Medicolegal Death Investigation Training

Registration is now open for the 2012 Medicolegal Death Investigation (MDI) online training program. This no-cost training is provided by NIJ and NFSTC to eligible forensic MDI practitioners, including medical examiners and coroners. Participants who successfully complete the training can earn up to 16 continuing education credits from ABMDI.

The program, titled Forensic Sciences: An Overview for Medicolegal Death Investigators, aims to provide medicolegal death investigation practitioners with general knowledge of the scope and application of the forensic sciences within the criminal justice system. Topics include crime scene processing and photography, latent fingerprint processing, controlled substances analysis, toxicology, forensic anthropology, forensic entomology, forensic odontology, firearm and tool mark collection and preservation, trace evidence analysis, fire debris analysis, explosives and explosive device identification, and forensic biology (serology/DNA).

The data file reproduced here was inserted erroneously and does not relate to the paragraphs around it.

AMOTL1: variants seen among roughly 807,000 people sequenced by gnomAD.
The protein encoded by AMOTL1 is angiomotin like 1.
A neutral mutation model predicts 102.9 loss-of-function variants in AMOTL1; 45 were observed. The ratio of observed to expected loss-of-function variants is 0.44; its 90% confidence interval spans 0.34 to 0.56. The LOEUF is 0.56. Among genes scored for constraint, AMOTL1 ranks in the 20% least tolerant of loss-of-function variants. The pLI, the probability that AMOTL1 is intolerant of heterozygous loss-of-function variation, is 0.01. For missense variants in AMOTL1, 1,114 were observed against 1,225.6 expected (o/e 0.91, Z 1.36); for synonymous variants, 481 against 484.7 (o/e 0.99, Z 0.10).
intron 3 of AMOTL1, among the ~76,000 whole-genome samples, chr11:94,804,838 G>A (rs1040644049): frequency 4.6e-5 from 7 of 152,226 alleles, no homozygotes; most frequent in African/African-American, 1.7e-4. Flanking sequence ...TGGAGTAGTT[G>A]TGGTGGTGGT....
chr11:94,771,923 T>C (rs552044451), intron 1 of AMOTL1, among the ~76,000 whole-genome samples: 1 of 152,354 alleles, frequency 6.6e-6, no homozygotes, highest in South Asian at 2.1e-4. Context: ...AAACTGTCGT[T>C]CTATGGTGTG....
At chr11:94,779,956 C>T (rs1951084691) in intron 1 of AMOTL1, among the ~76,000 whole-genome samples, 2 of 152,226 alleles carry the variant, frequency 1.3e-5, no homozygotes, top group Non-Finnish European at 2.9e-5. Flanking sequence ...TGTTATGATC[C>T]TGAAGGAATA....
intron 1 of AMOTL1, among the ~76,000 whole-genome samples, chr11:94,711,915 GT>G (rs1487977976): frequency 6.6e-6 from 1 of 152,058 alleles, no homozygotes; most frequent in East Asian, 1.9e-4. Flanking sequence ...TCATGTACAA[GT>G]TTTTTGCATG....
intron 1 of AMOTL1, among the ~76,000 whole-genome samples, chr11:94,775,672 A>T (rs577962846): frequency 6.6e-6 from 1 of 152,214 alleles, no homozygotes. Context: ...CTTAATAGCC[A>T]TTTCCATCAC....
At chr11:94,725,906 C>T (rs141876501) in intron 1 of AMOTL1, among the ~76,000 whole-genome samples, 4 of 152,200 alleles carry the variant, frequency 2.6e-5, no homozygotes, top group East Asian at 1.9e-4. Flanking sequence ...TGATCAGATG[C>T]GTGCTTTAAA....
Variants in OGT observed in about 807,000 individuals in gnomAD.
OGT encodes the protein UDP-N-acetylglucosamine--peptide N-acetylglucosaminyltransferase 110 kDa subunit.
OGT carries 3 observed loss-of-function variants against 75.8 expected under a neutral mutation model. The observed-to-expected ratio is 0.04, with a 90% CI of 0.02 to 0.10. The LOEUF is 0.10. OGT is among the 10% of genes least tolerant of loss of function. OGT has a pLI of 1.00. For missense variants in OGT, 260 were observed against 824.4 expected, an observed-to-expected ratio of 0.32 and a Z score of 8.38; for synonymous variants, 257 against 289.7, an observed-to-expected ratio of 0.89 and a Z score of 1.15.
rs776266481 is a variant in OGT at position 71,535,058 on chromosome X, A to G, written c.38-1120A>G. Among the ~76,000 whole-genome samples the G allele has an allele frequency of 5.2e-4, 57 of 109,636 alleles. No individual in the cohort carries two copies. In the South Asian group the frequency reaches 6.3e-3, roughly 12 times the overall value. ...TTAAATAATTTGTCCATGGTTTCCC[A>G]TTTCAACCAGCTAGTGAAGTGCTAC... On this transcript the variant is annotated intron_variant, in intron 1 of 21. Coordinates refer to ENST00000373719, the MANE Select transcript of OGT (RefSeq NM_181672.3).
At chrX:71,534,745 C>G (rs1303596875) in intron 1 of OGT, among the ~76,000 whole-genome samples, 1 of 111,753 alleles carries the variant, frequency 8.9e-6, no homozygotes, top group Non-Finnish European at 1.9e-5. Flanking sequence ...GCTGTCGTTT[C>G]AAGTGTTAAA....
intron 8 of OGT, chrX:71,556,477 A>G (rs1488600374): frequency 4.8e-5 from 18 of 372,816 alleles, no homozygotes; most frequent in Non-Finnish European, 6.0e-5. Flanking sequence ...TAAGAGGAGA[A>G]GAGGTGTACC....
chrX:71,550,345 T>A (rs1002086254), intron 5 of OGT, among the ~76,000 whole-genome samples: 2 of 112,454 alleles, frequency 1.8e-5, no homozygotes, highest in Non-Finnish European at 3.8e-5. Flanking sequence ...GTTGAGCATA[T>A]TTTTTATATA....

Online coursework will be available April 2012 through September 2012 via the NFSTC Online Learning System (NOLS) and includes a pre-test, theoretical instruction, required reading, discussion board activities, and a post-test. Trainees should be prepared to dedicate a minimum of 16-20 hours to complete online coursework activities.

To learn more, go to the NFSTC website.

 
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Forensic Podiatry (Part Two of Two)

THE DISCIPLINE of forensic podiatry—or, in other words, the examination of pedal evidence—has progressed significantly over the past ten years. It is no longer a question of “What can you do with a footprint?” but rather, “Who can we use to evaluate the footprint?” Cases involving pedal evidence, especially bloody footprints and issues of determining shoe sizing or fit issues compared to questioned footwear, have become more common over the past two or three years.

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